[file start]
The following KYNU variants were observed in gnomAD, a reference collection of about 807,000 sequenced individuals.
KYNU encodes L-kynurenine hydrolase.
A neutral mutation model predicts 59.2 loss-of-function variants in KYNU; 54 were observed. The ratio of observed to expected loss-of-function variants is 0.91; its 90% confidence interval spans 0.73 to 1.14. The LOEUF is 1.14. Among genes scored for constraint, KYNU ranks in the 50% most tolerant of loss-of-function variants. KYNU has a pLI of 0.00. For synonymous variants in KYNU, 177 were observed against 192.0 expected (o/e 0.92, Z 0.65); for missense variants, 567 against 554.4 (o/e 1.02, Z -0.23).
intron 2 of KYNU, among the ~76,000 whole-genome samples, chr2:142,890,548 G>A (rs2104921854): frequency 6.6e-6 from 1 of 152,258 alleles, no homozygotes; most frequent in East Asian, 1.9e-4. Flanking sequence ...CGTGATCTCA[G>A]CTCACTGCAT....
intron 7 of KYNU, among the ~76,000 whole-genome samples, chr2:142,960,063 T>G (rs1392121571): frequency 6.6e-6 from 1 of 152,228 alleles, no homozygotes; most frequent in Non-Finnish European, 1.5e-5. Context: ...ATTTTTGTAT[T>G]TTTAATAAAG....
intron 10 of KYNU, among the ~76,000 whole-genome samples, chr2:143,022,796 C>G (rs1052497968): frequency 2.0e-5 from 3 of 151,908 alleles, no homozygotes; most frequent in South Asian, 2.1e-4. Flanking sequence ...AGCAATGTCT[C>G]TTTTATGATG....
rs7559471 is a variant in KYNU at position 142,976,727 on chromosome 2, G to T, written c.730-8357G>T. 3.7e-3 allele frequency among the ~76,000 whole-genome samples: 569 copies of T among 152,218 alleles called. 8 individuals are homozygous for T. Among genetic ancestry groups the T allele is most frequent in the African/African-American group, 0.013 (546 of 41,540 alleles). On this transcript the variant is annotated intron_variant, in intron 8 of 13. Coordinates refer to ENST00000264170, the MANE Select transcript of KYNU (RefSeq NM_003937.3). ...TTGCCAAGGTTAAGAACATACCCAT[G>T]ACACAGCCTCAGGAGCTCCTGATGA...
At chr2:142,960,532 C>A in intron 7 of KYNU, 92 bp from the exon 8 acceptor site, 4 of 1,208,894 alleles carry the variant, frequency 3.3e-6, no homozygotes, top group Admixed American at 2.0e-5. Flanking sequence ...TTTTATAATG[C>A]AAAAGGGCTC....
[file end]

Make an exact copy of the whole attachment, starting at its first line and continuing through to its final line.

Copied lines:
The following KYNU variants were observed in gnomAD, a reference collection of about 807,000 sequenced individuals.
KYNU encodes L-kynurenine hydrolase.
A neutral mutation model predicts 59.2 loss-of-function variants in KYNU; 54 were observed. The ratio of observed to expected loss-of-function variants is 0.91; its 90% confidence interval spans 0.73 to 1.14. The LOEUF is 1.14. Among genes scored for constraint, KYNU ranks in the 50% most tolerant of loss-of-function variants. KYNU has a pLI of 0.00. For synonymous variants in KYNU, 177 were observed against 192.0 expected (o/e 0.92, Z 0.65); for missense variants, 567 against 554.4 (o/e 1.02, Z -0.23).
intron 2 of KYNU, among the ~76,000 whole-genome samples, chr2:142,890,548 G>A (rs2104921854): frequency 6.6e-6 from 1 of 152,258 alleles, no homozygotes; most frequent in East Asian, 1.9e-4. Flanking sequence ...CGTGATCTCA[G>A]CTCACTGCAT....
intron 7 of KYNU, among the ~76,000 whole-genome samples, chr2:142,960,063 T>G (rs1392121571): frequency 6.6e-6 from 1 of 152,228 alleles, no homozygotes; most frequent in Non-Finnish European, 1.5e-5. Context: ...ATTTTTGTAT[T>G]TTTAATAAAG....
intron 10 of KYNU, among the ~76,000 whole-genome samples, chr2:143,022,796 C>G (rs1052497968): frequency 2.0e-5 from 3 of 151,908 alleles, no homozygotes; most frequent in South Asian, 2.1e-4. Flanking sequence ...AGCAATGTCT[C>G]TTTTATGATG....
rs7559471 is a variant in KYNU at position 142,976,727 on chromosome 2, G to T, written c.730-8357G>T. 3.7e-3 allele frequency among the ~76,000 whole-genome samples: 569 copies of T among 152,218 alleles called. 8 individuals are homozygous for T. Among genetic ancestry groups the T allele is most frequent in the African/African-American group, 0.013 (546 of 41,540 alleles). On this transcript the variant is annotated intron_variant, in intron 8 of 13. Coordinates refer to ENST00000264170, the MANE Select transcript of KYNU (RefSeq NM_003937.3). ...TTGCCAAGGTTAAGAACATACCCAT[G>T]ACACAGCCTCAGGAGCTCCTGATGA...
At chr2:142,960,532 C>A in intron 7 of KYNU, 92 bp from the exon 8 acceptor site, 4 of 1,208,894 alleles carry the variant, frequency 3.3e-6, no homozygotes, top group Admixed American at 2.0e-5. Flanking sequence ...TTTTATAATG[C>A]AAAAGGGCTC....